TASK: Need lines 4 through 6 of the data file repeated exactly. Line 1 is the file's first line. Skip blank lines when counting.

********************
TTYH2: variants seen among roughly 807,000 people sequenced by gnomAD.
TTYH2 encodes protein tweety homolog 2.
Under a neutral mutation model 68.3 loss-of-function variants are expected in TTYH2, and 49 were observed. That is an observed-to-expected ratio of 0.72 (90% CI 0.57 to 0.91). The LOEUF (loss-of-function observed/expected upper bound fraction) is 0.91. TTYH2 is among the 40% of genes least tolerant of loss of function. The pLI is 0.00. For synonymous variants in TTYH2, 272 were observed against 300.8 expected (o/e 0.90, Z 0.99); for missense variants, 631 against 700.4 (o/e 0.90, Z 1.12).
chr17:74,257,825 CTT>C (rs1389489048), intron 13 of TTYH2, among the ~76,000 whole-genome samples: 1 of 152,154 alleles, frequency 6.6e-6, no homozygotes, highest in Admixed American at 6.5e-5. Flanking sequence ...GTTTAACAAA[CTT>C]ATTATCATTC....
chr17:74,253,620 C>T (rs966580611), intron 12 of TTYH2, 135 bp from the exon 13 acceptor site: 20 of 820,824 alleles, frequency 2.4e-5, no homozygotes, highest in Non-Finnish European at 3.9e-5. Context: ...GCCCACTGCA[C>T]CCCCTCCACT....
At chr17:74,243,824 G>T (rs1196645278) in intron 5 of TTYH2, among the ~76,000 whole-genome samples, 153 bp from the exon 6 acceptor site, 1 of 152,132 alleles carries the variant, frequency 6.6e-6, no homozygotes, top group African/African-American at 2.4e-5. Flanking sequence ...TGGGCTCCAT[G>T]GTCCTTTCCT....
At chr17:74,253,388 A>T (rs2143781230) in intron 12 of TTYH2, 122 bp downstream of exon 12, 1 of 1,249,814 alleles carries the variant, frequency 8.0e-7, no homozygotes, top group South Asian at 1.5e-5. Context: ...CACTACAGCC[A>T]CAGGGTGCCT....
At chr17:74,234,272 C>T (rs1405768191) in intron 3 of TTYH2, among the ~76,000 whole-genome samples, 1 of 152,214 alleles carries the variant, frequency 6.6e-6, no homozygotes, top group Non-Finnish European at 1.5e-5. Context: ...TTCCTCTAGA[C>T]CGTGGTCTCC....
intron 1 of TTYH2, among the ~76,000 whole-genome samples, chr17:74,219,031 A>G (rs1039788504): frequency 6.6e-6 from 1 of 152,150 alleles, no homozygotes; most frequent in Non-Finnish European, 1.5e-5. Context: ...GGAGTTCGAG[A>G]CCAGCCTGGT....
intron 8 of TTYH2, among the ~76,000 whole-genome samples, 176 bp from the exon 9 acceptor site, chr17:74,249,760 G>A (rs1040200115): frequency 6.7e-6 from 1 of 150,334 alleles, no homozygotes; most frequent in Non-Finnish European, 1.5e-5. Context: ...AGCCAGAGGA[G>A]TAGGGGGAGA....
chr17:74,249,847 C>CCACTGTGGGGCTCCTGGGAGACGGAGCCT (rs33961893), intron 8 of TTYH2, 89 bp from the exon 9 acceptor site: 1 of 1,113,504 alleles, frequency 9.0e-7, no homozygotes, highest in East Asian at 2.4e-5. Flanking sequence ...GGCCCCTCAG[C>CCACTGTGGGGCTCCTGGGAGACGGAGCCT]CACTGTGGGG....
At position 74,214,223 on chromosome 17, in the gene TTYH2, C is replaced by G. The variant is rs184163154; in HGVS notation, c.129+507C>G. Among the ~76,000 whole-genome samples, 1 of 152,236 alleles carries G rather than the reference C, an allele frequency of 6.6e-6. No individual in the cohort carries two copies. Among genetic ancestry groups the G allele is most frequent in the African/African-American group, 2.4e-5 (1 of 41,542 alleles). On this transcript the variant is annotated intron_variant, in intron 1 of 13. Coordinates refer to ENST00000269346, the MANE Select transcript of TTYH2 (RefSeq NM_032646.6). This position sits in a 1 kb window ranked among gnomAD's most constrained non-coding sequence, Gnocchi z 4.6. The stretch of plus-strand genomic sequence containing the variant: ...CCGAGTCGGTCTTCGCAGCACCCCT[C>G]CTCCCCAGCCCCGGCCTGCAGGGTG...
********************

chr17:74,257,825 CTT>C (rs1389489048), intron 13 of TTYH2, among the ~76,000 whole-genome samples: 1 of 152,154 alleles, frequency 6.6e-6, no homozygotes, highest in Admixed American at 6.5e-5. Flanking sequence ...GTTTAACAAA[CTT>C]ATTATCATTC....
chr17:74,253,620 C>T (rs966580611), intron 12 of TTYH2, 135 bp from the exon 13 acceptor site: 20 of 820,824 alleles, frequency 2.4e-5, no homozygotes, highest in Non-Finnish European at 3.9e-5. Context: ...GCCCACTGCA[C>T]CCCCTCCACT....
At chr17:74,243,824 G>T (rs1196645278) in intron 5 of TTYH2, among the ~76,000 whole-genome samples, 153 bp from the exon 6 acceptor site, 1 of 152,132 alleles carries the variant, frequency 6.6e-6, no homozygotes, top group African/African-American at 2.4e-5. Flanking sequence ...TGGGCTCCAT[G>T]GTCCTTTCCT....